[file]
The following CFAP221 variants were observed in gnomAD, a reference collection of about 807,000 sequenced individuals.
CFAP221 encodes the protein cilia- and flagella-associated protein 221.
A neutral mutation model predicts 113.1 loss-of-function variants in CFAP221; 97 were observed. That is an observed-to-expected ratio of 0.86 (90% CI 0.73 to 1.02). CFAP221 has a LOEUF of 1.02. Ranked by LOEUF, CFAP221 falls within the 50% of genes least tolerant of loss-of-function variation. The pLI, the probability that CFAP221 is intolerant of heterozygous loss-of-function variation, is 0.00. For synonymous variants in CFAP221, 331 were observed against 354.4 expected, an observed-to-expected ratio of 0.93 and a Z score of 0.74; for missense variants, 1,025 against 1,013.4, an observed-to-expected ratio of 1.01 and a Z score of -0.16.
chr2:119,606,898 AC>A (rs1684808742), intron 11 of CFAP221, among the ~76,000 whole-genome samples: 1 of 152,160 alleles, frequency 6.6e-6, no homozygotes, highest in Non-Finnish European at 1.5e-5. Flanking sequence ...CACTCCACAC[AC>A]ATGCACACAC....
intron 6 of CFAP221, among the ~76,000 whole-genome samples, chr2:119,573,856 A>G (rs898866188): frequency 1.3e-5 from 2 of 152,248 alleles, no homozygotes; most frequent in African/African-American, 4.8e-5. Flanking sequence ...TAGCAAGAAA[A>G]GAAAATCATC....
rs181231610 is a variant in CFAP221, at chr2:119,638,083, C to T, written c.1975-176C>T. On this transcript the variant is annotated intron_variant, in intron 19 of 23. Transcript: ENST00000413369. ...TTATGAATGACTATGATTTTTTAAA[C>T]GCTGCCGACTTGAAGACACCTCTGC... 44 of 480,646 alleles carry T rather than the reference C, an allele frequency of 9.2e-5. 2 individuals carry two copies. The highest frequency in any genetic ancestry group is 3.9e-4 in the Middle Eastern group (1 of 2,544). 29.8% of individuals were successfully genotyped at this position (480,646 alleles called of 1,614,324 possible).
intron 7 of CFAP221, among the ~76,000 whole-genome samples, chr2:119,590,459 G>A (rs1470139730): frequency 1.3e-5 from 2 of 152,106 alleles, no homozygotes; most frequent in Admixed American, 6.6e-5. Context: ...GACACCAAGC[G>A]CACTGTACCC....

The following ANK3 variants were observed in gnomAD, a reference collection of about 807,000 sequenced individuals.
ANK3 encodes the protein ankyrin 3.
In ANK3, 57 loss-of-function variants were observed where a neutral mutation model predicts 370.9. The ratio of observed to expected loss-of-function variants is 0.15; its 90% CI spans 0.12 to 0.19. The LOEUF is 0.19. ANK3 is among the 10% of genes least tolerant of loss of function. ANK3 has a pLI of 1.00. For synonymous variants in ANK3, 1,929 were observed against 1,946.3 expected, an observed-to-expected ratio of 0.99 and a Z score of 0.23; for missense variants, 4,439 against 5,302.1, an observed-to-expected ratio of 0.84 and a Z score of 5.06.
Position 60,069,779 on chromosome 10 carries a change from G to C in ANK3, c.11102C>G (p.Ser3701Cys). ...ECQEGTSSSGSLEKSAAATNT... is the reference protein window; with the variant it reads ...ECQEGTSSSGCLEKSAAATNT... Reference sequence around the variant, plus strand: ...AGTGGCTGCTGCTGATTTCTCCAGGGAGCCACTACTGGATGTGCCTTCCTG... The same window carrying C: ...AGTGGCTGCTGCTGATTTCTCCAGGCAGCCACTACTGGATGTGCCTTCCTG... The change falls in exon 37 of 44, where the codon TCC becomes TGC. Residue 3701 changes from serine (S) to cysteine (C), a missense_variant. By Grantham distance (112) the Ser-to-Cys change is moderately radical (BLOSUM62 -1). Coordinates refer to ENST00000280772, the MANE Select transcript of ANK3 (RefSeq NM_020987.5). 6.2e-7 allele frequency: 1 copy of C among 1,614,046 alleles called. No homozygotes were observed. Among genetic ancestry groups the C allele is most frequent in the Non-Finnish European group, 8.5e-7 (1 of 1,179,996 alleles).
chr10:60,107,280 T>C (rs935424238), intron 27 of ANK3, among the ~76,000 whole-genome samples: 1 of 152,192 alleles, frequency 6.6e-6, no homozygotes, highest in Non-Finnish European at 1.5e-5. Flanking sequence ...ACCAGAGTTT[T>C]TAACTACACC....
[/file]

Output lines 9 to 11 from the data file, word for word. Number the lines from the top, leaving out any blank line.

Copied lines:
ANK3 encodes the protein ankyrin 3.
In ANK3, 57 loss-of-function variants were observed where a neutral mutation model predicts 370.9. The ratio of observed to expected loss-of-function variants is 0.15; its 90% CI spans 0.12 to 0.19. The LOEUF is 0.19. ANK3 is among the 10% of genes least tolerant of loss of function. ANK3 has a pLI of 1.00. For synonymous variants in ANK3, 1,929 were observed against 1,946.3 expected, an observed-to-expected ratio of 0.99 and a Z score of 0.23; for missense variants, 4,439 against 5,302.1, an observed-to-expected ratio of 0.84 and a Z score of 5.06.
Position 60,069,779 on chromosome 10 carries a change from G to C in ANK3, c.11102C>G (p.Ser3701Cys). ...ECQEGTSSSGSLEKSAAATNT... is the reference protein window; with the variant it reads ...ECQEGTSSSGCLEKSAAATNT... Reference sequence around the variant, plus strand: ...AGTGGCTGCTGCTGATTTCTCCAGGGAGCCACTACTGGATGTGCCTTCCTG... The same window carrying C: ...AGTGGCTGCTGCTGATTTCTCCAGGCAGCCACTACTGGATGTGCCTTCCTG... The change falls in exon 37 of 44, where the codon TCC becomes TGC. Residue 3701 changes from serine (S) to cysteine (C), a missense_variant. By Grantham distance (112) the Ser-to-Cys change is moderately radical (BLOSUM62 -1). Coordinates refer to ENST00000280772, the MANE Select transcript of ANK3 (RefSeq NM_020987.5). 6.2e-7 allele frequency: 1 copy of C among 1,614,046 alleles called. No homozygotes were observed. Among genetic ancestry groups the C allele is most frequent in the Non-Finnish European group, 8.5e-7 (1 of 1,179,996 alleles).